One hypothesis, which probably accounts for bundling in the Cable TV industry, is that bundling is a way for sellers to recover fixed costs. For example, Disneyland offers access to its rides as a bundle, rather than charging you separately for each ride. That is because most of Disneyland's costs are fixed -- they have to maintain the park and keep the rides going even if a particular ride attracts few riders. This example was used in an often-cited, cleverly-titled article by Walter Oi, called A Disneyland Dilemma: Two-Part Tariffs for a Mickey Mouse Monopoly.

Another reason for bundling is to save on the consumer's mental transaction costs. Most consumers would prefer to pay a flat rate for phone service or internet service rather than worry about per-minute pricing. I myself do not pay to download papers like Walter Oi's individually, but I would consider paying a monthly fee that would allow me to download whatever papers that I like. The monthly fee might work out to more than what I would pay for individual papers, but I would save on mental transaction costs.

Information goods are almost impossible to sell without bundling. As Carl Shapiro and Hal Varian pointed out in their classic book Information Rules, information goods are characterized by very low marginal cost of production and distribution, as well as by uncertainty on the part of the buyer as to the value (until you've actually obtained the good). Accordingly, for producers of information goods, such as software or music, Shapiro and Varian recommend various strategies that involve bundling. One strategy they call "versioning," in which the revenue-producing version consists of the free version bundled in some way. For example, zonelabs offers a free version of a firewall, but many desirable features are bundled into the paid version.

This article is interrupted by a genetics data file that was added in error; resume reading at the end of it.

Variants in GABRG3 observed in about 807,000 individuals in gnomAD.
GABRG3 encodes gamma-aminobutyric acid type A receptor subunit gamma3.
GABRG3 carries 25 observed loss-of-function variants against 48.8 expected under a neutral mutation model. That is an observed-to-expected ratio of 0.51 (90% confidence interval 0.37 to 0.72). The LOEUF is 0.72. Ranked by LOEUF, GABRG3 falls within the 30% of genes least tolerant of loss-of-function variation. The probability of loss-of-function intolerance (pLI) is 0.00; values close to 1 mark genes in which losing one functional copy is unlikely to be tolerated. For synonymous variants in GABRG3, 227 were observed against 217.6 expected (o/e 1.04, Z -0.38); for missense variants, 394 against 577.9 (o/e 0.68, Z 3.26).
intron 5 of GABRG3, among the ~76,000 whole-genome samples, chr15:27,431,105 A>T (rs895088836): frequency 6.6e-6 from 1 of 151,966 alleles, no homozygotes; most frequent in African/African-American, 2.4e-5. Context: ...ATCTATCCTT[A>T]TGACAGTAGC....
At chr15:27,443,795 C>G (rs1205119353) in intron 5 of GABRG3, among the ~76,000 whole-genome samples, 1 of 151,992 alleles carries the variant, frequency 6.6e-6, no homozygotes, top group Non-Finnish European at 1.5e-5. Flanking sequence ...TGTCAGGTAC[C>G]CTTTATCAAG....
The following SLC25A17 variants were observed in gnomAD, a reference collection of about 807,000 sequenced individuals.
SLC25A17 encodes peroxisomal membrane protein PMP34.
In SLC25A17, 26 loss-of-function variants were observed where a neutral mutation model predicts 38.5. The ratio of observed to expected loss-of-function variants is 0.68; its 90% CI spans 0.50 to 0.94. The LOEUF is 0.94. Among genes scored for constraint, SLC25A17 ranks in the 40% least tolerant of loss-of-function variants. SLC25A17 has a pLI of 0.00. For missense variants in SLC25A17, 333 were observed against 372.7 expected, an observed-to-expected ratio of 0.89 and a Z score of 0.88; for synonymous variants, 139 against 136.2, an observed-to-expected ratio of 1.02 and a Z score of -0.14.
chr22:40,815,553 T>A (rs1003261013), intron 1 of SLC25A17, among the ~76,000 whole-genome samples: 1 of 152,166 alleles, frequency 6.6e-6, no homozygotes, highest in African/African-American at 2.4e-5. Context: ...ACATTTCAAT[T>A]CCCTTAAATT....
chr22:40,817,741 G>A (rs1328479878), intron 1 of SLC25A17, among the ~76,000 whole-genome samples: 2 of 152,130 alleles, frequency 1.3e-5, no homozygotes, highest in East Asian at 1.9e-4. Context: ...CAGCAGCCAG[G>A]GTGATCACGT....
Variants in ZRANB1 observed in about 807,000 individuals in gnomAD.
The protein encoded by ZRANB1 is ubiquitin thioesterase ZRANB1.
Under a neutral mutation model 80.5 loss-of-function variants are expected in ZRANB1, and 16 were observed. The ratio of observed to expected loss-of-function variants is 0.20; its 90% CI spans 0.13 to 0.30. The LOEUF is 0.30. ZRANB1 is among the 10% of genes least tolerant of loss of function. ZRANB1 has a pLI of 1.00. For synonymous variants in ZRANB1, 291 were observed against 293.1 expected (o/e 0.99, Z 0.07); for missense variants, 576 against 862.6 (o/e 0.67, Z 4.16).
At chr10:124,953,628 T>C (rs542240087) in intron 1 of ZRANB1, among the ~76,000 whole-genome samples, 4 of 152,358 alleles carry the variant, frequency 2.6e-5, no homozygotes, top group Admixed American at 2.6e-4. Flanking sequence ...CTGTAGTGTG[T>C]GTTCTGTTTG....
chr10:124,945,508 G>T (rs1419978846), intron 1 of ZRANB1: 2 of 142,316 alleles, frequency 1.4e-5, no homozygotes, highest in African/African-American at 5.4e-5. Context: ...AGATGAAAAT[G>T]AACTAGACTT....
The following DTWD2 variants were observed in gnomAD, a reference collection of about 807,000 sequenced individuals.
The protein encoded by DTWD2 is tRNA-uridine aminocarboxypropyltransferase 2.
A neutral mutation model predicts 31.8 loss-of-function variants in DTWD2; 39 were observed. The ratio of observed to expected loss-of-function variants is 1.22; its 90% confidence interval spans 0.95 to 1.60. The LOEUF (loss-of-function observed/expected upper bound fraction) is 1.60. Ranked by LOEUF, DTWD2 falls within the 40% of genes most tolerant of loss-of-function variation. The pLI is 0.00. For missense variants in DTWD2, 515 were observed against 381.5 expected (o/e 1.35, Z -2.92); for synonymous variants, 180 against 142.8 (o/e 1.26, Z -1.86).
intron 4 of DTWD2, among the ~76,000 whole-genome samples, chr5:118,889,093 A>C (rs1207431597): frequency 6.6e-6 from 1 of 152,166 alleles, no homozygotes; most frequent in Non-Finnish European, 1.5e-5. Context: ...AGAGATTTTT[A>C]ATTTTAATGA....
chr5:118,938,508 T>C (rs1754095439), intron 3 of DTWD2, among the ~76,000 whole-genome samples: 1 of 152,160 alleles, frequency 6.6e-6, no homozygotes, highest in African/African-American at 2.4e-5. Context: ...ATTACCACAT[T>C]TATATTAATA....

The Bundler from Redmond

The most successful software bundler is Microsoft. They are also the most hated software bundler, because they make it difficult for competitors to earn profits. They do this the way Wal-Mart does -- by offering lower prices than their competitors wish to charge. The largest anti-trust cases against Microsoft have centered around their decision to offer software for free.

Some competitors argue that Microsoft's strategy impedes innovation. Lawyers argue that small companies will not try to develop new products if Microsoft has the potential to give away something equivalent.

I am an investor in a small, privately-held software company developing a product in a space where we expect Microsoft will someday have its own offering. The way that we look at it, when Microsoft chooses to enter this market, they will have to decide whether it is cheaper to buy our company or build the software themselves. That "make or buy" decision does not depend on whether Microsoft chooses to sell the product separately or not. Instead, the decision depends on whether they think that the product we have is worth more than the cost that they would have to undertake to develop a viable competing product. If they believe that they can develop a product more cheaply and effectively internally, then they will choose not to buy our company. In that case, we will have to compete with them, and that may be difficult. But that's life.

Today, if a government official were to prevent Microsoft from offering a product in our market, then that would spare us a potential competitor. But by the same token it would deprive us of a potentially valuable partner and a possibly lucrative exit strategy.